As in all areas of marketing, in the field of sales analysis (Retail Analytics) there are many borrowings and neologisms that require explanation.

> Dynamic Pricing (or price discrimination, individual prices). With electronic price tags, this is also possible in a brick-and-mortar store: customers who make a large number of purchases see higher prices, while thrifty shoppers see lower prices.

> Beacons are mini-transmitters distributed throughout the store (usually Bluetooth) that connect to customers’ mobile devices, RFID tags on goods and baskets and track their movement.

> Conversion Rate (conversion rate or withdrawal rate) – describes the proportion of store visitors who become customers. Through tracking, their quantity can be controlled in real time and optimize the operation of the store, offering a more intensive customer service.

> Electronic Shelf Labeling – digital price tags and product information plates that display personalized prices for active shoppers.

Total control: how supermarkets monitor customers

people counting

What “digital transformation in retail” looks like in practice, Crosscan’s tracking specialist explains to CHIP. The Witten-based company, among other things, has equipped Esprit, WMF and Intersport stores with sensor networks and a corresponding analytics platform.

The technical “heart” here is the Crosscan 3D Peoplecounting sensor, which counts the number of people entering the store with high precision using dual cameras. Wi-Fi tracking has been discontinued by Crosscan since newer mobile devices started randomizing the MAC address by default.

The attendance data provided by the sensors is collected and evaluated on the Crosscan Connect analytics platform along with other data such as weather or cash register systems. And the store management receives information about the mechanisms that affect spontaneous deviations, and about the possibilities for improving work. Guidance is provided through the Crosscan app, which also displays store performance data.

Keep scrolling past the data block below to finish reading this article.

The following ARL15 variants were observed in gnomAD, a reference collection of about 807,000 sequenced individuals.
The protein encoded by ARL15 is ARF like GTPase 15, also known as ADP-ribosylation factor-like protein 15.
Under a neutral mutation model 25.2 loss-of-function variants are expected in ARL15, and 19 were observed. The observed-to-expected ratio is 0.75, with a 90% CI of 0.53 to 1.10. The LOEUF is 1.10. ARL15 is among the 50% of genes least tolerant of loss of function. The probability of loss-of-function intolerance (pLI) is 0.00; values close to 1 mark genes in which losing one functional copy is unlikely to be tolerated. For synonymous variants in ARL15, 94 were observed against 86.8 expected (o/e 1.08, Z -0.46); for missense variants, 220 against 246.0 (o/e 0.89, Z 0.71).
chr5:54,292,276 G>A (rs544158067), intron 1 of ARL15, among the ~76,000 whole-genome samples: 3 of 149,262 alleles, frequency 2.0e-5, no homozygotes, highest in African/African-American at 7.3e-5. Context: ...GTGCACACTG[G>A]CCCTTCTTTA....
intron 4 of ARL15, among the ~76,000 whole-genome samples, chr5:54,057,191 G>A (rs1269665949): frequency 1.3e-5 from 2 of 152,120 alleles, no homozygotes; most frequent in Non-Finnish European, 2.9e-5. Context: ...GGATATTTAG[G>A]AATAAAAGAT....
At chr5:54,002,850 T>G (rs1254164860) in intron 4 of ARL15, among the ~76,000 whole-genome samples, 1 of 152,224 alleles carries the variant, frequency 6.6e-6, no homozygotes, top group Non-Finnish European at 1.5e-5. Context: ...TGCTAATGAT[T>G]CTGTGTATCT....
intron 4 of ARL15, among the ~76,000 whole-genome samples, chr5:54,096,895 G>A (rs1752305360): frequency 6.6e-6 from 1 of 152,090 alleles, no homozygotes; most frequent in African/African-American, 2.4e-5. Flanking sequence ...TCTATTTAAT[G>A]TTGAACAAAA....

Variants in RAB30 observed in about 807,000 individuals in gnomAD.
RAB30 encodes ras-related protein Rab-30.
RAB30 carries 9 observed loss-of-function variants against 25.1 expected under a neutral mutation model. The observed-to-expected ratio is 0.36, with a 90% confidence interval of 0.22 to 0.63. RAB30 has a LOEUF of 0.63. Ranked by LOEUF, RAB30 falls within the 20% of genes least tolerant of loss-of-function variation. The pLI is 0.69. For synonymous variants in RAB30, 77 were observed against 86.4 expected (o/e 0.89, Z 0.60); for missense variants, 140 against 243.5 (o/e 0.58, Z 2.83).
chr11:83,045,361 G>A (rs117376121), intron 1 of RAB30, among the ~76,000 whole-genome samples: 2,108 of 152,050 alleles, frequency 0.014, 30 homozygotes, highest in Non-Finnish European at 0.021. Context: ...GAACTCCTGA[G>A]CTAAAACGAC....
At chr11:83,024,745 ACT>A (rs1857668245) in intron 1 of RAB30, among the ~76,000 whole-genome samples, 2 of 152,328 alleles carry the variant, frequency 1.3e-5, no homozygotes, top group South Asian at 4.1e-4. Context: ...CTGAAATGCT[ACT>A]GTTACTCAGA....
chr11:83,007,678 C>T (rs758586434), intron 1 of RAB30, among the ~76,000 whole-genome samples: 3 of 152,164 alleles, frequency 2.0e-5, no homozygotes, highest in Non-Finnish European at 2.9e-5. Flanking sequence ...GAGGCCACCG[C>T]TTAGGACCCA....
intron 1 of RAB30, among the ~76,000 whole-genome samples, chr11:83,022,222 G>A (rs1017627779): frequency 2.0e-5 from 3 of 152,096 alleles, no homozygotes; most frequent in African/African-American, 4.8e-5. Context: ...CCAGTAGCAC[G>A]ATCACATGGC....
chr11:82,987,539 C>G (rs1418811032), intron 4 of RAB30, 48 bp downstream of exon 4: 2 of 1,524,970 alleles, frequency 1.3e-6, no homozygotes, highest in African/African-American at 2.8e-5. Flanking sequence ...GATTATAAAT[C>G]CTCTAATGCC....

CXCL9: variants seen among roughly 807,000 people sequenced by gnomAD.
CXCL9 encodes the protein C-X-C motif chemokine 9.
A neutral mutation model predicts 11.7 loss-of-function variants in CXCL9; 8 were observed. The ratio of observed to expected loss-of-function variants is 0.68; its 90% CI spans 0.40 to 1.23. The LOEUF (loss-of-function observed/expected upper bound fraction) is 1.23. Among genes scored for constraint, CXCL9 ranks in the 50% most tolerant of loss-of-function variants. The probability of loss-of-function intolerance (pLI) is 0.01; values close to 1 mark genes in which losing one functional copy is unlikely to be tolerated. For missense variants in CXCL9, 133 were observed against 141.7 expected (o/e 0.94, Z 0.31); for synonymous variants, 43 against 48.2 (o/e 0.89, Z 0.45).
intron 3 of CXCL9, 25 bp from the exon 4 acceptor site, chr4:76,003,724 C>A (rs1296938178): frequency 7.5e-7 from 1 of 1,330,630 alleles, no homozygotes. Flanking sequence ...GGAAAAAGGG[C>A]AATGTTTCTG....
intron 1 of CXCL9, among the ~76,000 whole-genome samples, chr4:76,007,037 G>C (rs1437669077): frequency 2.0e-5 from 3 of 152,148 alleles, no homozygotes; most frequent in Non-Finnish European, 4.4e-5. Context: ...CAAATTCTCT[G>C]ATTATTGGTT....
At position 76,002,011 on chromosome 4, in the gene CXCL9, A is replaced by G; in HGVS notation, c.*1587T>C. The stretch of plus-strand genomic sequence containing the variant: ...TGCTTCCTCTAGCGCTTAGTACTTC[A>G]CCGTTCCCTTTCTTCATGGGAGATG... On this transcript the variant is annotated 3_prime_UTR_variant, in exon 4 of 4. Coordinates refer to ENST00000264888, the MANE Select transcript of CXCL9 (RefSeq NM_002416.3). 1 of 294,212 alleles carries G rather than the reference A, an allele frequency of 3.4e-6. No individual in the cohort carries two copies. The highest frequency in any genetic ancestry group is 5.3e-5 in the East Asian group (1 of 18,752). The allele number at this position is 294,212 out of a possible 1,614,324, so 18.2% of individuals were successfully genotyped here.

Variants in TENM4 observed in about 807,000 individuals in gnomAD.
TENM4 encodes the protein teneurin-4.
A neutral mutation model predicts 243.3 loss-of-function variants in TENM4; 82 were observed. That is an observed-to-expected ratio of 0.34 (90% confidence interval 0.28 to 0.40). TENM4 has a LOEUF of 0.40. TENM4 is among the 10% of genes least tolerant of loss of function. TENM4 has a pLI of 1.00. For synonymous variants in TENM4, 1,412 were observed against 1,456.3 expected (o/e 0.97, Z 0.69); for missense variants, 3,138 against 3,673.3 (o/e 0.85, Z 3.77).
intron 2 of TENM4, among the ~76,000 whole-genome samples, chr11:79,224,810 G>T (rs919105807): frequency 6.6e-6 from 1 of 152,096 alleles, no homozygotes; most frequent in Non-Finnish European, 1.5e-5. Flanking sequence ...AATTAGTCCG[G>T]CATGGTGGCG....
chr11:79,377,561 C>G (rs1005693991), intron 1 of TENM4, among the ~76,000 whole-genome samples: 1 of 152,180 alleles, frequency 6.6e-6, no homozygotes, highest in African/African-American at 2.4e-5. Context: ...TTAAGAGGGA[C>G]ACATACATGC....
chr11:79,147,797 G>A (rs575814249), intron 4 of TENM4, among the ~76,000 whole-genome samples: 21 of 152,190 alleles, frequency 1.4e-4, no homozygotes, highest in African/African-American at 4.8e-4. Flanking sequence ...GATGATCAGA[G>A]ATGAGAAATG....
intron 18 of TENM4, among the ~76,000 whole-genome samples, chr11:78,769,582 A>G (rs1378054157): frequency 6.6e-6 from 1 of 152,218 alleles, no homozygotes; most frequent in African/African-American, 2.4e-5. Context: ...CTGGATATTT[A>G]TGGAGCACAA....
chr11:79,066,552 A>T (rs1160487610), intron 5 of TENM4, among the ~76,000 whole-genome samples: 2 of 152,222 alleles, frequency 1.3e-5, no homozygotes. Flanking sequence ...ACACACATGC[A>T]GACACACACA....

Total control: how supermarkets monitor customers
Customer counter
Scanmarketing uses thermal imaging cameras to analyze the movement of shoppers

“Our services are primarily designed to determine the price reduction quota to the hour, optimize the use of personnel depending on the number of visitors, adjust the opening hours to the needs of the client, optimize the placement of goods and check the effectiveness of promotional activities,” — the company tells CHIP magazine.

Such practices are important in countering retail churn.
New AI-powered forecasting methods are set to make retail even “more predictable and manageable.” This could also be of benefit to shoppers, for example, by properly regulating retail space and reducing waiting times. Meanwhile, sensors are already being used that analyze buyers by age and gender.

Curious advertisement

Data protection and consumer rights experts, however, keep a close eye on such intrusion. “This trend is highly questionable, since with the use of such technologies, customers can hardly object to the processing of their data,” writes the data protection officer from Berlin.

What is allowed in the virtual world, apparently, will not be possible in the real world for a long time: “On the one hand, the full legality of online tracking, which has already become a mass phenomenon, is highly questionable. On the other hand, it is precisely because of the massive spread of online tracking that a person should be given the opportunity to make purchases anonymously, at least in the real world.”